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"Turning Seasons" - The Selected Poems of T'ao Ch'ien.

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"Turning Seasons" Imagine living in a time of great turmoil and incredible devastation in ancient China. The world does not make any sense, because everything plummets into chaos as opposing factions of the Eastern Chin Dynasty fight each other for power. Men of high societal status and of honor serve their leaders through the rigorous demands of government service. Mortals escape these horrific times of darkness by observing the peace and tranquility of nature. However, one apparent lesson of these times is clear: Individuals cannot decide the time that they are born into; essentially, they must make the most of the time that they are given. The previously depicted scenario is an accurate portrayal of the poet, T'ao Ch'ien's life. The Taoist philosophy, which he believes in, allows him to escape these times of turmoil. His Taoist philosophy simply states that man must respect nature and peacefully co-exist with it. Although T'ao Ch'ien's family was once part of the aristocracy, he is part of the ordinary-class. T'ao Ch'ien's series of poems entitled "Turning Seasons" focus on his joy and grievances from his experiences as a government official and as a farmer. His poetry also highlights the importance of nature and emotion. David Hinton, translator of The Selected Poems of T'ao Ch'ien, emphasizes the importance of the connection between nature and emotion in T'ao's poetry: "The outlines ...read more.


He can only choose to be a good man by leaving the government service. Essentially, his individual choice has brought him peace and has allowed him to appreciate his time on Earth. His choice has also brought him closer to nature and the Taoist way, because his soul would no longer see the sadness of government service. The second poem of this series describes T'ao's newly found freedom after he leaves the government service. T'ao compares washing himself clean in a lake to a new start. "Boundless, the lake's immaculate/ skin boundless, I rinse myself/ clean" (1-3). The key expression that brings light to the meaning of this quotation is "immaculate/ skin" (1-2). "Immaculate/ skin" (1-2) refers to something that is free from moral errors. On the other hand, when T'ao is stating that he "rinses"(2) himself "clean" (3), he is saying that he is free from the mistakes of his past. He is using nature as a means of comparison in this poem, because he is comparing the lake's clean water to his new moral attitude. This new moral attitude is the attitude of a recluse-farmer. T'ao has chosen to become a recluse-farmer, because he wants to escape the heartache of society and government service. As a recluse farmer, he is free from the hardship of government service, because he free from the sight of human suffering. ...read more.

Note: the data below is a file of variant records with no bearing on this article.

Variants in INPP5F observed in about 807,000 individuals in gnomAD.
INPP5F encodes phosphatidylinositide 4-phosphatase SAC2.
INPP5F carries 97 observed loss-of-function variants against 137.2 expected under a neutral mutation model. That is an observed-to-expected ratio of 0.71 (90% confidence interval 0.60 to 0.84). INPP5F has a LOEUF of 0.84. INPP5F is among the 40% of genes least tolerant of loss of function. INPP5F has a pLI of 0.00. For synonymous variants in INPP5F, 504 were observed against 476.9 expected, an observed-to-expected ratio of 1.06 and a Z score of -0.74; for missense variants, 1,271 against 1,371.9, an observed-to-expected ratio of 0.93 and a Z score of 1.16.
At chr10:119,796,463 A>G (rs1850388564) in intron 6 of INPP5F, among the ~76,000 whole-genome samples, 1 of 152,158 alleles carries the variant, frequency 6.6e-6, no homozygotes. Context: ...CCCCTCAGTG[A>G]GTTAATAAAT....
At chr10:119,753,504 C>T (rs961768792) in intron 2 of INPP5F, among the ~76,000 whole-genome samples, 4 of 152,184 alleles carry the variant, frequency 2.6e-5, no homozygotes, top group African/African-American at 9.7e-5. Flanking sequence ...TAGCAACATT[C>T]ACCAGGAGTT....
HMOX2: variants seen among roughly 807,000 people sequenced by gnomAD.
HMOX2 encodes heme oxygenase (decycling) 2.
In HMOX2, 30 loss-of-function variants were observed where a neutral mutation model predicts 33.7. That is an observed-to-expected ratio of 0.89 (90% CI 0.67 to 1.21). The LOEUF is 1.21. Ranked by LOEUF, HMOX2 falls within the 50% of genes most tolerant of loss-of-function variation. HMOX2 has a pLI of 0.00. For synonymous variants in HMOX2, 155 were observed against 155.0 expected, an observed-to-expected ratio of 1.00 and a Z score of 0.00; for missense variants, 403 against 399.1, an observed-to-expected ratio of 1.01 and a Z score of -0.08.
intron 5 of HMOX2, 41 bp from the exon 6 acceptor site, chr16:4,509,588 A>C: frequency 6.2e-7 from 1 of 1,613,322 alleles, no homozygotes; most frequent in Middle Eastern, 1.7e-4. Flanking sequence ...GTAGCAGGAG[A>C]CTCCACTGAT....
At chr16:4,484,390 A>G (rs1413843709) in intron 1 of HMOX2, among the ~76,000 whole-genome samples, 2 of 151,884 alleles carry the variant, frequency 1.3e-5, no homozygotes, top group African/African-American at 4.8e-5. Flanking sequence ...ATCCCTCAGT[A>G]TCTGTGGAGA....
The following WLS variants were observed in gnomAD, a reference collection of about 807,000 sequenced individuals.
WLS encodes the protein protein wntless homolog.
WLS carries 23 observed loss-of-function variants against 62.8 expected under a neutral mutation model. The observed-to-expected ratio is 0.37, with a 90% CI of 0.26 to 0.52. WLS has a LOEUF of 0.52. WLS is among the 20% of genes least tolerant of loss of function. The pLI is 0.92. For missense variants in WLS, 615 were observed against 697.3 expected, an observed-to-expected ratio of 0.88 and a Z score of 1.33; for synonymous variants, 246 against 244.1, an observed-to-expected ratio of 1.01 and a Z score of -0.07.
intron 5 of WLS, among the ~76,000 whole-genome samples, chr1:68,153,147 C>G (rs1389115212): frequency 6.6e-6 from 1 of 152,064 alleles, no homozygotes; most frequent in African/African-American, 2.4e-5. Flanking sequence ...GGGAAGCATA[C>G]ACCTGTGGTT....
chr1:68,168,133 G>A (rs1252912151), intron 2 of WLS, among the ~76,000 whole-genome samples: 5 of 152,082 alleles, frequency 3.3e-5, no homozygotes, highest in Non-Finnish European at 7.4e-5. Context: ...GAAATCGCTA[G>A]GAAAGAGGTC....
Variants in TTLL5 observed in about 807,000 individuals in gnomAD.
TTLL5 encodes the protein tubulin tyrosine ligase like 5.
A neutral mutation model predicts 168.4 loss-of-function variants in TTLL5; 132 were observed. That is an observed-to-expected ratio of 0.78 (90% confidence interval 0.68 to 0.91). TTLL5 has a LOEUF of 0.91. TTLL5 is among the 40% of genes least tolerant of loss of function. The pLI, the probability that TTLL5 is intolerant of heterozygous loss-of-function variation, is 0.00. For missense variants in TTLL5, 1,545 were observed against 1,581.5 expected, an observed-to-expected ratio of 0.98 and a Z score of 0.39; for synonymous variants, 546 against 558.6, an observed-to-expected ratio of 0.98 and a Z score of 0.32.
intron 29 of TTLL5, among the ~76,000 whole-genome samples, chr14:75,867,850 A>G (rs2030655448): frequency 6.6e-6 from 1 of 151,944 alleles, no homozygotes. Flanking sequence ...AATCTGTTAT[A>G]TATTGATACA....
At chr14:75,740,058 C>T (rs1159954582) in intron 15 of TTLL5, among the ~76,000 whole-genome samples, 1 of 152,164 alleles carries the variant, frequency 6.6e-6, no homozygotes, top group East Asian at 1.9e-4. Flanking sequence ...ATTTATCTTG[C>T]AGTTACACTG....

T'ao may not have chosen the time he was born into, but he chose how he spent that time on Earth well. "If his sensibility seems familiar, it is a measure of his lasting influence" (Hinton 8). Turning Seasons Turning Seasons is about wandering in late spring. Spring clothes are all made, and everything in sight is tranquil. I wander beside my shadow, alone, my heart a blend of delight and grief. I Turning seasons turning wildly away, morning's majestic calm unfolds. Out in the springs clothes, I cross eastern fields. A few clouds linger, sweeping mountains clean. Gossamer mist blurs open skies. Feeling the south wind, young grain ripples like wings. II Boundless, the lake's immaculate skin boundless, I rinse myself clean. The view all distance, all distance inciting delight, I look deep. They say if you're content you're satisfied easily enough. Raising this winecup, I smile, taken by earth's own joy. III Gazing midstream, longing for that clear Yi River, I see sage ancients there, taking in spring and returning carefree in song. what exquisite calm. I'd join them in a moment, but nothing's left of their world now, only sorrow and distance. No way back, IV I'm home day-in day-out, taking things easy. Herbs and flowers grow in rows. Trees and bamboo gather shade. My koto is turned clear, and a half-jar thick wine waits. Unable to reach hat golden age Huang and T'ang ruled, I inhabit who I am sad and alone. ...read more.

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